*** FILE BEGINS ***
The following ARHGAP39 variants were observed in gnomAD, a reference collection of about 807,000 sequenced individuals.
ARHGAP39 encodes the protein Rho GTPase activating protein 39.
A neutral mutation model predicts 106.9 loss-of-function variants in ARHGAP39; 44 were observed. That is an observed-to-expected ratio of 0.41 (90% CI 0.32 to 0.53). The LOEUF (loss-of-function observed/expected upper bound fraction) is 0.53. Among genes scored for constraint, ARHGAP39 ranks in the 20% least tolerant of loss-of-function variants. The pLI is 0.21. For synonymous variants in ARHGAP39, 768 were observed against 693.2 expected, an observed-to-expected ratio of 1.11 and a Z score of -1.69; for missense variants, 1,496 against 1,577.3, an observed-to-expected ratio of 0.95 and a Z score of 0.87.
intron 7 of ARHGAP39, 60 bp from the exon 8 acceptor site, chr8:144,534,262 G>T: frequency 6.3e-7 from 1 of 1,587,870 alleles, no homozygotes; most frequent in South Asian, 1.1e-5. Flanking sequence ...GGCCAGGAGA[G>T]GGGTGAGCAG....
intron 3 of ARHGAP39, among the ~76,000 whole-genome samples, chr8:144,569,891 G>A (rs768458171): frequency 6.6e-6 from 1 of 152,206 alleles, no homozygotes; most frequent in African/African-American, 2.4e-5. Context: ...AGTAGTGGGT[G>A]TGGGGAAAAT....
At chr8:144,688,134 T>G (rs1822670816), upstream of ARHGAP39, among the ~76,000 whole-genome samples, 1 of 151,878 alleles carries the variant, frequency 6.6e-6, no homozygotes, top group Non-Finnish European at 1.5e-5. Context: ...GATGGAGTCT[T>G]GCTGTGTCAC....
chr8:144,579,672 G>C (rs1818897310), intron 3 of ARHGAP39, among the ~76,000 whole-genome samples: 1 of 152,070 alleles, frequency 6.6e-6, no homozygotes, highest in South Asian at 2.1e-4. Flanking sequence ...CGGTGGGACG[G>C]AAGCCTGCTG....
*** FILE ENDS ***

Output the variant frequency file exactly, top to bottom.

The following ARHGAP39 variants were observed in gnomAD, a reference collection of about 807,000 sequenced individuals.
ARHGAP39 encodes the protein Rho GTPase activating protein 39.
A neutral mutation model predicts 106.9 loss-of-function variants in ARHGAP39; 44 were observed. That is an observed-to-expected ratio of 0.41 (90% CI 0.32 to 0.53). The LOEUF (loss-of-function observed/expected upper bound fraction) is 0.53. Among genes scored for constraint, ARHGAP39 ranks in the 20% least tolerant of loss-of-function variants. The pLI is 0.21. For synonymous variants in ARHGAP39, 768 were observed against 693.2 expected, an observed-to-expected ratio of 1.11 and a Z score of -1.69; for missense variants, 1,496 against 1,577.3, an observed-to-expected ratio of 0.95 and a Z score of 0.87.
intron 7 of ARHGAP39, 60 bp from the exon 8 acceptor site, chr8:144,534,262 G>T: frequency 6.3e-7 from 1 of 1,587,870 alleles, no homozygotes; most frequent in South Asian, 1.1e-5. Flanking sequence ...GGCCAGGAGA[G>T]GGGTGAGCAG....
intron 3 of ARHGAP39, among the ~76,000 whole-genome samples, chr8:144,569,891 G>A (rs768458171): frequency 6.6e-6 from 1 of 152,206 alleles, no homozygotes; most frequent in African/African-American, 2.4e-5. Context: ...AGTAGTGGGT[G>A]TGGGGAAAAT....
At chr8:144,688,134 T>G (rs1822670816), upstream of ARHGAP39, among the ~76,000 whole-genome samples, 1 of 151,878 alleles carries the variant, frequency 6.6e-6, no homozygotes, top group Non-Finnish European at 1.5e-5. Context: ...GATGGAGTCT[T>G]GCTGTGTCAC....
chr8:144,579,672 G>C (rs1818897310), intron 3 of ARHGAP39, among the ~76,000 whole-genome samples: 1 of 152,070 alleles, frequency 6.6e-6, no homozygotes, highest in South Asian at 2.1e-4. Flanking sequence ...CGGTGGGACG[G>C]AAGCCTGCTG....